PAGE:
9. Obesity Related Co-morbidities. Obesity-related comorbidities are treated much more conservatively in children than adults, with the most effective treatment always consisting of weight loss and exercise. Recommendations for polycystic ovary syndrome, pre-diabetes, dyslipidemia, vitamin D deficiency, sleep apnea, hypertension and obesity-related orthopedic conditions are all summarized and provide specific guidelines for diagnosis, evaluation, and treatment.

10. Medications. Medications are summarized in the treatment section in conjunction with nutritional, behavioral, and activity recommendations using the wheels as depicted in Figure 6. Because this is such an important aspect of effectively treating childhood obesity, they are also outlined in more detail at the end of the algorithm. Pharmacological intervention for obesity is an important component of effectively losing and maintaining lost weight in the pediatric population. Although many of the recently released medications used to treat obesity have not been studied in children, there are a handful of drugs worth mentioning that can help support a comprehensive weight loss plan for pediatric patients. Some of these medications are summarized in Figure 7.

It is not unusual to see medications used to treat obesity-related conditions in children further exacerbate the weight issue, and many clinicians do not take this into account when prescribing medications for the pediatric population. For this reason, the algorithm includes a section on potential weight gain associated with the most common medications used to treat pediatric patients.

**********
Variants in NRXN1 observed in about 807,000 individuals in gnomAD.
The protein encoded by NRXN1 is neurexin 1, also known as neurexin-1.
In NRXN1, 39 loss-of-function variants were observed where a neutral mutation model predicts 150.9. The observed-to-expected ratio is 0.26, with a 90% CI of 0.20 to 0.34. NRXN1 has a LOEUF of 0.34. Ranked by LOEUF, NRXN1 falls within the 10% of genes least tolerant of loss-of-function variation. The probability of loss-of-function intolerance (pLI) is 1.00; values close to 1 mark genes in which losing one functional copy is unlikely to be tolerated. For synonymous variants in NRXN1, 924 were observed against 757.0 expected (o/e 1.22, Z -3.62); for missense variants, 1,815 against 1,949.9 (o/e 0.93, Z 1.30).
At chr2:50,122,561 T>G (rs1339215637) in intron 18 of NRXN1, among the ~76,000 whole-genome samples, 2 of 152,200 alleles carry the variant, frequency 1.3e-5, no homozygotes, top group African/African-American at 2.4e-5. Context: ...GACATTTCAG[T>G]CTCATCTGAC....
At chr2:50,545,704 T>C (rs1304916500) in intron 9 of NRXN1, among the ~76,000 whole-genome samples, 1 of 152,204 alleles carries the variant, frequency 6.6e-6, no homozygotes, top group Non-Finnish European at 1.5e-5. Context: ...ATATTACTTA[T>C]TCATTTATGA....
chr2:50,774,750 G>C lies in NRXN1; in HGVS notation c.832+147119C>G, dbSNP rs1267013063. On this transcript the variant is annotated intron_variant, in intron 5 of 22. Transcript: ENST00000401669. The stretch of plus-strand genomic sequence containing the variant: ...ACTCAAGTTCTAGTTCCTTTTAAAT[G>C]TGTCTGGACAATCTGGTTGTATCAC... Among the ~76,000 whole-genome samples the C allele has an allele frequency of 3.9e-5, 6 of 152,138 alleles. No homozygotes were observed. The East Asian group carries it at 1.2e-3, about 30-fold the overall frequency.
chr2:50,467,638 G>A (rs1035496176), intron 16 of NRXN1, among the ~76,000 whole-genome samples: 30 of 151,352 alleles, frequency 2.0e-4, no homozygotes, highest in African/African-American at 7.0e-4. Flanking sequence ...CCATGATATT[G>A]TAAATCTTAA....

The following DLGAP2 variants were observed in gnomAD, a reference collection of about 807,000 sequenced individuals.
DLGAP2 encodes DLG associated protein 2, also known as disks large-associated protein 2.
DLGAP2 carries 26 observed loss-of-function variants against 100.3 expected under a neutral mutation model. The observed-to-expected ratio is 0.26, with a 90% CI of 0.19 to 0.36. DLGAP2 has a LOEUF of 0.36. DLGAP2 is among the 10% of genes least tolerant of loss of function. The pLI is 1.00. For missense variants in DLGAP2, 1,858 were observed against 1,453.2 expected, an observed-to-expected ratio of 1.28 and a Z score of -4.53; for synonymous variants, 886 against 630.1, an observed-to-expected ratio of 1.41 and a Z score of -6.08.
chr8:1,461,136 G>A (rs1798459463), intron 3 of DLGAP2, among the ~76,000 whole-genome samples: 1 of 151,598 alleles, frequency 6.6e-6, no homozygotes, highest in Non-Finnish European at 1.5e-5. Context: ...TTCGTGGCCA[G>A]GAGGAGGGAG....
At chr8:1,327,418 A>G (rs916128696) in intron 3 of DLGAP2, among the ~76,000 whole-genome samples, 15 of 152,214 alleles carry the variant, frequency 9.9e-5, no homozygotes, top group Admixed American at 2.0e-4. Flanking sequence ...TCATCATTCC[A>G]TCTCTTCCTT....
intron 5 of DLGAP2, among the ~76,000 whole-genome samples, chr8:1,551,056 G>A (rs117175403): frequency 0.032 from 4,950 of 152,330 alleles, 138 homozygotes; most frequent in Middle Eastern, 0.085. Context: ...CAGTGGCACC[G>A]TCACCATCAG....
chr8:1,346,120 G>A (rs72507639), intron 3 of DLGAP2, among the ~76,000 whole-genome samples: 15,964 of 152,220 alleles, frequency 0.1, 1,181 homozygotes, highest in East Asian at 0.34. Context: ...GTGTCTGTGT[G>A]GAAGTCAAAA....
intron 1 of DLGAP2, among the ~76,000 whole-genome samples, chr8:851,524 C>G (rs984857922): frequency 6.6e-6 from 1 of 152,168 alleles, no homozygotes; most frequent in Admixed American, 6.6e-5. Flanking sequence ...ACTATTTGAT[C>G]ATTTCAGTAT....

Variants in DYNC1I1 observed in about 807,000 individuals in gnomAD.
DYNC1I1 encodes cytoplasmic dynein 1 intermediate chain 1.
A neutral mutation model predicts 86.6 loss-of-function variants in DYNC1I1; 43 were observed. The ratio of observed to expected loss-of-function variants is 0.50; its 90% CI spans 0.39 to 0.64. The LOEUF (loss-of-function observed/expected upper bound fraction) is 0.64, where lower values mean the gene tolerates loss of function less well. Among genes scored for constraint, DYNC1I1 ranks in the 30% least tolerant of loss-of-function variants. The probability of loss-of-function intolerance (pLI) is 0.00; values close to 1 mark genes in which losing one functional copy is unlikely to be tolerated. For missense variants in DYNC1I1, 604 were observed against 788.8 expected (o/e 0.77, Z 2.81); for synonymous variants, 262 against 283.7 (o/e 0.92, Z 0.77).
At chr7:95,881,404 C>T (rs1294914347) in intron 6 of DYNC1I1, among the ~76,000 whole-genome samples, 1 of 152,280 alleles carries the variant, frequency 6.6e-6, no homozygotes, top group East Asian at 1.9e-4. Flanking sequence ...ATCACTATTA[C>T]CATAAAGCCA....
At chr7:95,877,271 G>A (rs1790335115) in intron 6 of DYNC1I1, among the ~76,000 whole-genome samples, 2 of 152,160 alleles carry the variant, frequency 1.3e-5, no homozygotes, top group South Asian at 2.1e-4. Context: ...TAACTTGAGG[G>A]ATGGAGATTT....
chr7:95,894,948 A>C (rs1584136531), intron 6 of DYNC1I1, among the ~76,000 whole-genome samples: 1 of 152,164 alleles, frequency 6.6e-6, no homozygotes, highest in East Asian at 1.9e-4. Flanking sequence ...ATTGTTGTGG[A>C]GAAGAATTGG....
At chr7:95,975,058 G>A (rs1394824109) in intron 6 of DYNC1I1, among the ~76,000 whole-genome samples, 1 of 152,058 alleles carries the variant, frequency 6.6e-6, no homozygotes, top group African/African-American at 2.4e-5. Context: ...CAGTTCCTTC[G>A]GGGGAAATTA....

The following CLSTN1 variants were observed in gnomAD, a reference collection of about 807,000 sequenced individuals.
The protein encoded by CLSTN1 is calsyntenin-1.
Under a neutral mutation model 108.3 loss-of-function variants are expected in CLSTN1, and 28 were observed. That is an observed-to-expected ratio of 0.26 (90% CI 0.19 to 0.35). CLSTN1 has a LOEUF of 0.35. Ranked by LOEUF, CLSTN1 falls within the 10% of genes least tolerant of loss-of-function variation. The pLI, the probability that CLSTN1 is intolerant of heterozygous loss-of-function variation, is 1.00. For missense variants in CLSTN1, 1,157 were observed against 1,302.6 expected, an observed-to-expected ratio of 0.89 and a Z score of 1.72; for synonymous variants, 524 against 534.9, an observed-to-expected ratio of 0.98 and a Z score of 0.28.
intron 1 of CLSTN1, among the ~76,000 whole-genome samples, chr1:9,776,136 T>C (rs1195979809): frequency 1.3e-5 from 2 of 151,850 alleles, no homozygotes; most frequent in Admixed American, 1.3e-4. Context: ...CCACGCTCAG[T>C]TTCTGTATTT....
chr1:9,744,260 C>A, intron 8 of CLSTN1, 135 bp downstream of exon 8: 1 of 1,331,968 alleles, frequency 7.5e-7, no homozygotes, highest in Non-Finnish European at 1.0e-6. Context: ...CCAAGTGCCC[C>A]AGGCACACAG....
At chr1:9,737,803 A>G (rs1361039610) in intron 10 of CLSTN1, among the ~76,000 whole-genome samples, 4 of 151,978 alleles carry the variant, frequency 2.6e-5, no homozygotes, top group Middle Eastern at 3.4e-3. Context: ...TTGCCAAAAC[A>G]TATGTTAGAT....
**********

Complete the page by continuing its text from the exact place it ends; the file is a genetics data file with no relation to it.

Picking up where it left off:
11. Bariatric Surgery. Bariatric surgery is addressed at the end of the algorithm as shown in Figure 8. How to Access the Pediatric Obesity Algorithm The Pediatric Obesity Algorithm is available free of charge on the Obesity Medicine Association website at The adult Obesity Algorithm, which is updated every year and is now on its third version, is available at


The Pediatric Obesity Algorithm is a new tool that arms clinicians on the front lines of care with a multidisciplinary treatment approach that includes includes evidence-based medicine and best practice techniques for nutrition, physical activity, behavior modification, and medication management. Many of the slides can be used as handouts to equip patients with guidelines on recommendations for nutrition, activity, and sleep, as well as simple behavioral changes every family can make at home. By providing guidance to healthcare providers, the Obesity Medicine Association can help ensure that families with children affected by obesity will leave the doctor’s office with solid recommendations on how to prevent and treat obesity, thus reversing the potential chronic disease processes associated with excess weight.

FUNDING: No funding was provided for this article.

FINANCIAL DISCLOSURES: Dr. Scinta reports no conflicts of interest relevant to the content of this article.


Category: Medical Methods in Obesity Treatment, Past Articles